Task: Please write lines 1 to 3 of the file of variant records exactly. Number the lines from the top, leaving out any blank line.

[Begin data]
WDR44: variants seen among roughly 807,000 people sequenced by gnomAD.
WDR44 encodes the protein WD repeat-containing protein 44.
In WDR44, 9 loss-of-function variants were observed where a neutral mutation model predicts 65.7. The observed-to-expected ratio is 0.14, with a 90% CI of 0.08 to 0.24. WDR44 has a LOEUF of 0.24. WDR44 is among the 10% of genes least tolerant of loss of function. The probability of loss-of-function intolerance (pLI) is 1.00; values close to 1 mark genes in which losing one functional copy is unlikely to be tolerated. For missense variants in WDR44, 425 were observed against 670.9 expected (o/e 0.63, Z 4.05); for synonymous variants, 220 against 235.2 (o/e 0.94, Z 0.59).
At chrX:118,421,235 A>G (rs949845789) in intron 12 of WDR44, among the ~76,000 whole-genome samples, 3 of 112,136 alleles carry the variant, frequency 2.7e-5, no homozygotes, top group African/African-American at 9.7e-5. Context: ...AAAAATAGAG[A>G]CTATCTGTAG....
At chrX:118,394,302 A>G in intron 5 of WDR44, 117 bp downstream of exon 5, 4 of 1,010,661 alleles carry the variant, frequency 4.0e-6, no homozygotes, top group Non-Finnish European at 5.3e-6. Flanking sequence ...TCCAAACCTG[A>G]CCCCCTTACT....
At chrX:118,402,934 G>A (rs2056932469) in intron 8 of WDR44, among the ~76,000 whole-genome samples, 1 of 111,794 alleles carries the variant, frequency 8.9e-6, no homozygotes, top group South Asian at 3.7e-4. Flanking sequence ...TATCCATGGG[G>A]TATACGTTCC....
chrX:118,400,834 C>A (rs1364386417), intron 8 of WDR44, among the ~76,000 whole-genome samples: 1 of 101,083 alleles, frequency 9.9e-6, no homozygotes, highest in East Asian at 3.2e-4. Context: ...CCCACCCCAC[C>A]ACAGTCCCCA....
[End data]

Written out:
WDR44: variants seen among roughly 807,000 people sequenced by gnomAD.
WDR44 encodes the protein WD repeat-containing protein 44.
In WDR44, 9 loss-of-function variants were observed where a neutral mutation model predicts 65.7. The observed-to-expected ratio is 0.14, with a 90% CI of 0.08 to 0.24. WDR44 has a LOEUF of 0.24. WDR44 is among the 10% of genes least tolerant of loss of function. The probability of loss-of-function intolerance (pLI) is 1.00; values close to 1 mark genes in which losing one functional copy is unlikely to be tolerated. For missense variants in WDR44, 425 were observed against 670.9 expected (o/e 0.63, Z 4.05); for synonymous variants, 220 against 235.2 (o/e 0.94, Z 0.59).